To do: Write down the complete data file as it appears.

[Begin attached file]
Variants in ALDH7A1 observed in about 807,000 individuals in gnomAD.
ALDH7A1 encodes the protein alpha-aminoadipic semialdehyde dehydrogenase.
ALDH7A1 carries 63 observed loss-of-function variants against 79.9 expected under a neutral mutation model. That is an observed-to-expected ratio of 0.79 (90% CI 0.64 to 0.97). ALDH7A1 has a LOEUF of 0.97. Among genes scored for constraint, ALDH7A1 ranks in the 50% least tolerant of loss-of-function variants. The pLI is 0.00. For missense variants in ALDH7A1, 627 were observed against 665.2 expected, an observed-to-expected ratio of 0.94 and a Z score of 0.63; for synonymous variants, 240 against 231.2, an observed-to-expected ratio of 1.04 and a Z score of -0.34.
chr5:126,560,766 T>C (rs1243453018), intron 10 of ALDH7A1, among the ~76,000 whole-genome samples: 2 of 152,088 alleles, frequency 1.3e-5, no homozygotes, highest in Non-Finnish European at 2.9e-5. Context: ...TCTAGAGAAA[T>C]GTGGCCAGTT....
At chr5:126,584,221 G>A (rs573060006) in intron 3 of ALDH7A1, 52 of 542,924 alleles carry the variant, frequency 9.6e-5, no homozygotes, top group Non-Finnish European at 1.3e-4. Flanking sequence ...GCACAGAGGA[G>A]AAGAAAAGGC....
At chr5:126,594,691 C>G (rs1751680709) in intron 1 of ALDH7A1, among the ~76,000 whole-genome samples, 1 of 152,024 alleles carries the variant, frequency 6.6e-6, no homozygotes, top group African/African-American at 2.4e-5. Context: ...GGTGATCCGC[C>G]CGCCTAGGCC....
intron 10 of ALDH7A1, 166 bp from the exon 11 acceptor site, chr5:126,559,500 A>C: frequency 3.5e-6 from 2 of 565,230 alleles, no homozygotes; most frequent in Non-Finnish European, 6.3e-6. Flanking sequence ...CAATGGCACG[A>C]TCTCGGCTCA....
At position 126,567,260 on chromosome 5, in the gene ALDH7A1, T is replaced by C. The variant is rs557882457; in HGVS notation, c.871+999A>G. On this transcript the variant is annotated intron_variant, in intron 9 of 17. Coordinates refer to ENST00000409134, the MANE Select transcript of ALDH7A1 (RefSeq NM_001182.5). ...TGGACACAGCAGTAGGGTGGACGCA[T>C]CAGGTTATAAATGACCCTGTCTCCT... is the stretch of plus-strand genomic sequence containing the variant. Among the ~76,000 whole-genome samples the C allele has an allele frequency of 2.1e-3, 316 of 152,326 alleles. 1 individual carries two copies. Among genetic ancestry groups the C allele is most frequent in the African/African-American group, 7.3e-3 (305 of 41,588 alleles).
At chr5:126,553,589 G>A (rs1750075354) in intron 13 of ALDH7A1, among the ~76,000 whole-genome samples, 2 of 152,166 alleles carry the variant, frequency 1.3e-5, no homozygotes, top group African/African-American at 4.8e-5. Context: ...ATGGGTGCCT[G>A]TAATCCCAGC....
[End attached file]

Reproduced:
Variants in ALDH7A1 observed in about 807,000 individuals in gnomAD.
ALDH7A1 encodes the protein alpha-aminoadipic semialdehyde dehydrogenase.
ALDH7A1 carries 63 observed loss-of-function variants against 79.9 expected under a neutral mutation model. That is an observed-to-expected ratio of 0.79 (90% CI 0.64 to 0.97). ALDH7A1 has a LOEUF of 0.97. Among genes scored for constraint, ALDH7A1 ranks in the 50% least tolerant of loss-of-function variants. The pLI is 0.00. For missense variants in ALDH7A1, 627 were observed against 665.2 expected, an observed-to-expected ratio of 0.94 and a Z score of 0.63; for synonymous variants, 240 against 231.2, an observed-to-expected ratio of 1.04 and a Z score of -0.34.
chr5:126,560,766 T>C (rs1243453018), intron 10 of ALDH7A1, among the ~76,000 whole-genome samples: 2 of 152,088 alleles, frequency 1.3e-5, no homozygotes, highest in Non-Finnish European at 2.9e-5. Context: ...TCTAGAGAAA[T>C]GTGGCCAGTT....
At chr5:126,584,221 G>A (rs573060006) in intron 3 of ALDH7A1, 52 of 542,924 alleles carry the variant, frequency 9.6e-5, no homozygotes, top group Non-Finnish European at 1.3e-4. Flanking sequence ...GCACAGAGGA[G>A]AAGAAAAGGC....
At chr5:126,594,691 C>G (rs1751680709) in intron 1 of ALDH7A1, among the ~76,000 whole-genome samples, 1 of 152,024 alleles carries the variant, frequency 6.6e-6, no homozygotes, top group African/African-American at 2.4e-5. Context: ...GGTGATCCGC[C>G]CGCCTAGGCC....
intron 10 of ALDH7A1, 166 bp from the exon 11 acceptor site, chr5:126,559,500 A>C: frequency 3.5e-6 from 2 of 565,230 alleles, no homozygotes; most frequent in Non-Finnish European, 6.3e-6. Flanking sequence ...CAATGGCACG[A>C]TCTCGGCTCA....
At position 126,567,260 on chromosome 5, in the gene ALDH7A1, T is replaced by C. The variant is rs557882457; in HGVS notation, c.871+999A>G. On this transcript the variant is annotated intron_variant, in intron 9 of 17. Coordinates refer to ENST00000409134, the MANE Select transcript of ALDH7A1 (RefSeq NM_001182.5). ...TGGACACAGCAGTAGGGTGGACGCA[T>C]CAGGTTATAAATGACCCTGTCTCCT... is the stretch of plus-strand genomic sequence containing the variant. Among the ~76,000 whole-genome samples the C allele has an allele frequency of 2.1e-3, 316 of 152,326 alleles. 1 individual carries two copies. Among genetic ancestry groups the C allele is most frequent in the African/African-American group, 7.3e-3 (305 of 41,588 alleles).
At chr5:126,553,589 G>A (rs1750075354) in intron 13 of ALDH7A1, among the ~76,000 whole-genome samples, 2 of 152,166 alleles carry the variant, frequency 1.3e-5, no homozygotes, top group African/African-American at 4.8e-5. Context: ...ATGGGTGCCT[G>A]TAATCCCAGC....